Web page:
Business intelligence has gone from static reports that tell you what happened, to interactive dashboards where you can drill into information to try and understand why it happened. New big data sources, including Internet of Things (IoT) devices, are pushing businesses from those reactive analytics – whether you look back once a month to spot trends or once a day to check for problems – to proactive analytics that give you alerts and real-time dashboards. That makes better use of operational data, which is more useful while it’s still current, before conditions change.
“There’s a demand for real-time dashboards,” says Herain Oberoi from Microsoft’s Cortana Analytics team. “A lot of businesses want to get the pulse of their business. But dashboards show things that have already happened.”
That’s why fastest growing area is predictive and other advanced analytics, according to Gartner. Its latest Magic Quadrant for advanced analytics predicts that by 2018 more than half of all large organizations around the world will use advanced analytics (and algorithms built on them) to compete.
Advanced, predictive analytics are about calculating trends and future possibilities, predicting potential outcomes and making recommendations. That goes beyond the queries and reports in familiar BI tools like SQL Server Reporting Services, Business Objects and Tableau, to more sophisticated methods like statistics, descriptive and predictive data mining, machine learning, simulation and optimization that look for trends and patterns in the data, which is often a mix of structured and unstructured.
They’re the kind of tools that are currently used by marketing or risk analysis teams for understanding churn, customer lifetimes, cross-selling opportunities, likelihood of buying, credit scoring and fraud detection. Those users aren’t going away. “Many telcos want to get from being reactive to being proactive,” says Oberoi. “They want a system where they can say ‘tell me which of these customers, based on their customer profile and calling pattern, is going to churn’.”
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But Gartner says almost every business unit is going to be interested in these tools and he agrees that matches the customers for Cortana Analytics. “The people we’re talking to are changing. I’m having a lot more dialog with line of business decision makers. We see a lot of budget moving to line of business teams.” He recently spoke with customers at Microsoft’s Convergence conference in Europe. “Of the five customers I met, at least three were line of business and two of those had a charter for driving digital transformation and their company’s innovation agenda.”
Getting things done
Predictive maintenance has got a lot of attention but there are other key uses like predicting demand and finding problems in service or product quality using anomaly detection, as well as decision support systems. Those are questions like “what might happen” and “what should I do?” says Oberoi.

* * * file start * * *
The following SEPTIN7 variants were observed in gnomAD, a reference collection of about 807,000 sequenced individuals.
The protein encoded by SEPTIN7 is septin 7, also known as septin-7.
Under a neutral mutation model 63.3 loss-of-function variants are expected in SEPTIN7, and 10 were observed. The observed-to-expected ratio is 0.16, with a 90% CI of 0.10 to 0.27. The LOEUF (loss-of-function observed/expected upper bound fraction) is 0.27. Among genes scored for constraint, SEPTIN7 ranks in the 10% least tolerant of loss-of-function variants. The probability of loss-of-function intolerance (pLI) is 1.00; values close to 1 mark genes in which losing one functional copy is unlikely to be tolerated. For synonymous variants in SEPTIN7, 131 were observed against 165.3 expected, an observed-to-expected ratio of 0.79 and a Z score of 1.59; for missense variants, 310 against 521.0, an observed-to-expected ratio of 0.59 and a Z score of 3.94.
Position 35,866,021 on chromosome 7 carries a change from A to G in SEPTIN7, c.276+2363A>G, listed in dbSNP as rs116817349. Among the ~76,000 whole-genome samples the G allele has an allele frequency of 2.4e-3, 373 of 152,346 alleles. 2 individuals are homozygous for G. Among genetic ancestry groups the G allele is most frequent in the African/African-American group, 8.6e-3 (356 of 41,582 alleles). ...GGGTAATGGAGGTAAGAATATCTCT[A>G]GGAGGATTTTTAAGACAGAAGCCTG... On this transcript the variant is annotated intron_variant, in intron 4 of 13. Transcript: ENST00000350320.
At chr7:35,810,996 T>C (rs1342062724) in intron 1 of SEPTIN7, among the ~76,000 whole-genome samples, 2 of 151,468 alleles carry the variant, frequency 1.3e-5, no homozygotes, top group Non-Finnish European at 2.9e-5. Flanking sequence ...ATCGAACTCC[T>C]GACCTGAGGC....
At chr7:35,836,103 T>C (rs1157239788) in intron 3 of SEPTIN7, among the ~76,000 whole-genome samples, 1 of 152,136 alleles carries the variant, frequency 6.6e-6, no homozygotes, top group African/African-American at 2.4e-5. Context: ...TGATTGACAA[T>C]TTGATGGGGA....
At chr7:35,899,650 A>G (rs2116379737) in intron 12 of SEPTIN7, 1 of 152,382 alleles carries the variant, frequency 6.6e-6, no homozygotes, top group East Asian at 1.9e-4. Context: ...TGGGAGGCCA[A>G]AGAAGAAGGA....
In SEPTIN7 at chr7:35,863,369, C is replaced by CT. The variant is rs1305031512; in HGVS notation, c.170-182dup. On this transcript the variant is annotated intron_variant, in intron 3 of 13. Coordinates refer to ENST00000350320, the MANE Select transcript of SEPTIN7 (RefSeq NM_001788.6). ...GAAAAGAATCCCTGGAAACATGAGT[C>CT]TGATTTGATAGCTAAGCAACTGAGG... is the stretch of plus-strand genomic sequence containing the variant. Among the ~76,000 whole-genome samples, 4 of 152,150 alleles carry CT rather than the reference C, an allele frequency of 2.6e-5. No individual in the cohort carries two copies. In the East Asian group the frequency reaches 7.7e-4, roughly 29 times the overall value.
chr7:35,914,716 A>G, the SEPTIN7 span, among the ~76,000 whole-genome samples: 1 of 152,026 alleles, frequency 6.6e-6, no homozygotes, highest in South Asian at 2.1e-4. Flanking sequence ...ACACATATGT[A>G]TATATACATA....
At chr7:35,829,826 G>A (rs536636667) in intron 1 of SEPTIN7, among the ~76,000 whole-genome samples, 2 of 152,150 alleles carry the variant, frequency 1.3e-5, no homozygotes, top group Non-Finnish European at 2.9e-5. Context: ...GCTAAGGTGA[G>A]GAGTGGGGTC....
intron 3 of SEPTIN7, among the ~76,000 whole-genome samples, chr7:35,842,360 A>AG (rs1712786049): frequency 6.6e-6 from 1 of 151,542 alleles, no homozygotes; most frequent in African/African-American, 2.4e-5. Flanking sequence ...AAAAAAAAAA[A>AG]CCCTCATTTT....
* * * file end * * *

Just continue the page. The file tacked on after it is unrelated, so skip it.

“The fundamental customer challenge hasn't changed; how do I go from the data that I have, to getting some insights, to actually enabling some an action or driving something forward?” What the tools in Cortana Analytics can do is reduce the number of manual steps you have to take to get to those actions.
“The basic way to go from data to decisions is a static report that says what happened. If I'm in sales and I want to look at what my sales look like by region for the last quarter, that's my static report, and then there's some manual steps I take before I go make a decision,” he explains.
“The next piece of it is not just something happened but why it happened. My sales went down last quarter, but did they go down because my top three deals didn't go through or because my average deal size went down? How do I slice and dice the data [to find out]? So I have a dashboard with reports I can interact with to understand why something happens, and that typically reduces the numbers of manual steps before I can make a decision and take some actions. Then we get into prediction; not just after-the-fact ‘my sales went down and I know why’ but tell me beforehand, based on my forecast, that I might not make my target for the month so I can respond.”
Business automation would mean the fewest possible manual steps. Oberoi explains what that might look like.
“The final piece of it is recommendation and decision automation. Ultimately, you want to get to a place where the system is proactively informing you, not just what might happen but what you can do about it. ‘It looks like you're going to miss your forecast next week. Based on that, you have two promotions lined up and those are hooked up to your CRM system; do you want to pull those promotions forward by a week, yes or no?’ You say yes, and you have the business process and the workflow set up, fully automated, and it helps you pull that forward by a week.”